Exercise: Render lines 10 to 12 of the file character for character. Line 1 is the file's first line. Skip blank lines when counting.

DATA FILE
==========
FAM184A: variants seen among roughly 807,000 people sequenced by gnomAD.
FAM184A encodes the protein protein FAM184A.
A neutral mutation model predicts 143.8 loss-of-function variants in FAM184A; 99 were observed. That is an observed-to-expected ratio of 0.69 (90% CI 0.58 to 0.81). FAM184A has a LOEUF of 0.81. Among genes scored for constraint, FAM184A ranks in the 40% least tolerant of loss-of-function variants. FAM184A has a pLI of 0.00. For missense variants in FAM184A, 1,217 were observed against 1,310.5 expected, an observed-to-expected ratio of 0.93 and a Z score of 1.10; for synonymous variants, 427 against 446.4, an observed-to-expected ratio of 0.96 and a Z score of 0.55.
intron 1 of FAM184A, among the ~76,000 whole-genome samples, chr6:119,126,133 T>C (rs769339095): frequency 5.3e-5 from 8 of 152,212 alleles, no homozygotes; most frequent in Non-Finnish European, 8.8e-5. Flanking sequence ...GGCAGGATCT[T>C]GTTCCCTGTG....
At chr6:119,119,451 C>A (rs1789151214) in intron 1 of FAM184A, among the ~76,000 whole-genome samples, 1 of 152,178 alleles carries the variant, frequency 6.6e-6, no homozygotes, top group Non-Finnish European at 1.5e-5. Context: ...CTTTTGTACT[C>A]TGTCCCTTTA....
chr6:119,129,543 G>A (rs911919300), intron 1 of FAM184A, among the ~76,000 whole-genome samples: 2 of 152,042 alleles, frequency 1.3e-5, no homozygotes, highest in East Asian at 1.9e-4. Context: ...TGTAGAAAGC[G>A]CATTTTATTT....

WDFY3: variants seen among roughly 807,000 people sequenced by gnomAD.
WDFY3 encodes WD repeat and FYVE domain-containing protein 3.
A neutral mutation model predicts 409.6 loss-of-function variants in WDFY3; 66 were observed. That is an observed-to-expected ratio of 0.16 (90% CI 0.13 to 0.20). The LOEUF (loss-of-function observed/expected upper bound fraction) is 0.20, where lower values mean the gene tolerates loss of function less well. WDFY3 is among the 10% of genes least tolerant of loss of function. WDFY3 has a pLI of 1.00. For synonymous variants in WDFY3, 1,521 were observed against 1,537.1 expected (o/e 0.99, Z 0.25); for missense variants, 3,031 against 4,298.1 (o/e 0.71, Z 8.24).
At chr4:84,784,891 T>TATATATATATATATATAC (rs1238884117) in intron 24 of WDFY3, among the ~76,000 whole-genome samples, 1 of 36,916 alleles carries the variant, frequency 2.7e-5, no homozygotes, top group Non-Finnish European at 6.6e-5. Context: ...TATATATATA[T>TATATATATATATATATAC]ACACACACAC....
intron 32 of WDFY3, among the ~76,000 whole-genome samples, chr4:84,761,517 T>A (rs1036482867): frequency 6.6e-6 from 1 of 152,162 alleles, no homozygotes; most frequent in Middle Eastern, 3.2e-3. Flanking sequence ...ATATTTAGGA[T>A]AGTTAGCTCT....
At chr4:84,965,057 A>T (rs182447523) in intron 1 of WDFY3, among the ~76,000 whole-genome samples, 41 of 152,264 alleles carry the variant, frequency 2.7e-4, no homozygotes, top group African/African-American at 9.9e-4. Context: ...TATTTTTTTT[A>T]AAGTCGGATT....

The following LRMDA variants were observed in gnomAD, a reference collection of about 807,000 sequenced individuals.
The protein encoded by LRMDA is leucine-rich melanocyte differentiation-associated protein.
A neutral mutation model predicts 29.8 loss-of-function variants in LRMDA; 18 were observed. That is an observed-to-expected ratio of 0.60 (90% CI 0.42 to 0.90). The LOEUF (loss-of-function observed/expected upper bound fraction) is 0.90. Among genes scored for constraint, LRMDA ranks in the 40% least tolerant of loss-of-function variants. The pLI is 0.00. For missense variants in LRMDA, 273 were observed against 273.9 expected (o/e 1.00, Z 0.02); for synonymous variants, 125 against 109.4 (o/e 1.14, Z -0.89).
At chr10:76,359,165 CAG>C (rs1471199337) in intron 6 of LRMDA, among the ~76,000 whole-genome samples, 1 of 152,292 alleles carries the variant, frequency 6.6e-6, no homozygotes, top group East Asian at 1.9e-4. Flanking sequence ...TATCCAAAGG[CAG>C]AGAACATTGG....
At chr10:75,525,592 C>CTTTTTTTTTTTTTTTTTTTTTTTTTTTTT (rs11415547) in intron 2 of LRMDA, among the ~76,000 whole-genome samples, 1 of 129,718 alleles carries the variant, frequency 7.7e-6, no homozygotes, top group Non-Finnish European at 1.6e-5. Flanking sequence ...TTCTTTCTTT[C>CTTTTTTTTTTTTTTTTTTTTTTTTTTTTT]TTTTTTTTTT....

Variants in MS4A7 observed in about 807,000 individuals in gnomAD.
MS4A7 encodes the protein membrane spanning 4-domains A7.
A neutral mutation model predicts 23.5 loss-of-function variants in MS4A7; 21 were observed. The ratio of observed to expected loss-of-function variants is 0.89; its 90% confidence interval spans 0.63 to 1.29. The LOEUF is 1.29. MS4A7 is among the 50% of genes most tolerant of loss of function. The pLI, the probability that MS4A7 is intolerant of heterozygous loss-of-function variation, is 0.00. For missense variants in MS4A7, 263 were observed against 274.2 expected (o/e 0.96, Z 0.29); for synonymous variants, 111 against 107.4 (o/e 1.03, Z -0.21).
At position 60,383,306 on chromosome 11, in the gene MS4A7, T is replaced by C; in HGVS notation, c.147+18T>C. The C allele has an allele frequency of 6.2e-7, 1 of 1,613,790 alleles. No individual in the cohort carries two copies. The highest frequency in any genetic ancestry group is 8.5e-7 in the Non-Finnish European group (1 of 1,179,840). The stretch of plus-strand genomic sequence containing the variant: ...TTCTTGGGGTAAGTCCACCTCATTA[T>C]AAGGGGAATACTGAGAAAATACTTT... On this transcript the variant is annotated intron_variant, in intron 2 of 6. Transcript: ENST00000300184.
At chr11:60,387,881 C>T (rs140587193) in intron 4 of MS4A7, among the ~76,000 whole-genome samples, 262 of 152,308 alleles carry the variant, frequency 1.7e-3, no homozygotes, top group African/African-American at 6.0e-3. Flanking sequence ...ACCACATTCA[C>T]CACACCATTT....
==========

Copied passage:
At chr4:84,784,891 T>TATATATATATATATATAC (rs1238884117) in intron 24 of WDFY3, among the ~76,000 whole-genome samples, 1 of 36,916 alleles carries the variant, frequency 2.7e-5, no homozygotes, top group Non-Finnish European at 6.6e-5. Context: ...TATATATATA[T>TATATATATATATATATAC]ACACACACAC....
intron 32 of WDFY3, among the ~76,000 whole-genome samples, chr4:84,761,517 T>A (rs1036482867): frequency 6.6e-6 from 1 of 152,162 alleles, no homozygotes; most frequent in Middle Eastern, 3.2e-3. Flanking sequence ...ATATTTAGGA[T>A]AGTTAGCTCT....
At chr4:84,965,057 A>T (rs182447523) in intron 1 of WDFY3, among the ~76,000 whole-genome samples, 41 of 152,264 alleles carry the variant, frequency 2.7e-4, no homozygotes, top group African/African-American at 9.9e-4. Context: ...TATTTTTTTT[A>T]AAGTCGGATT....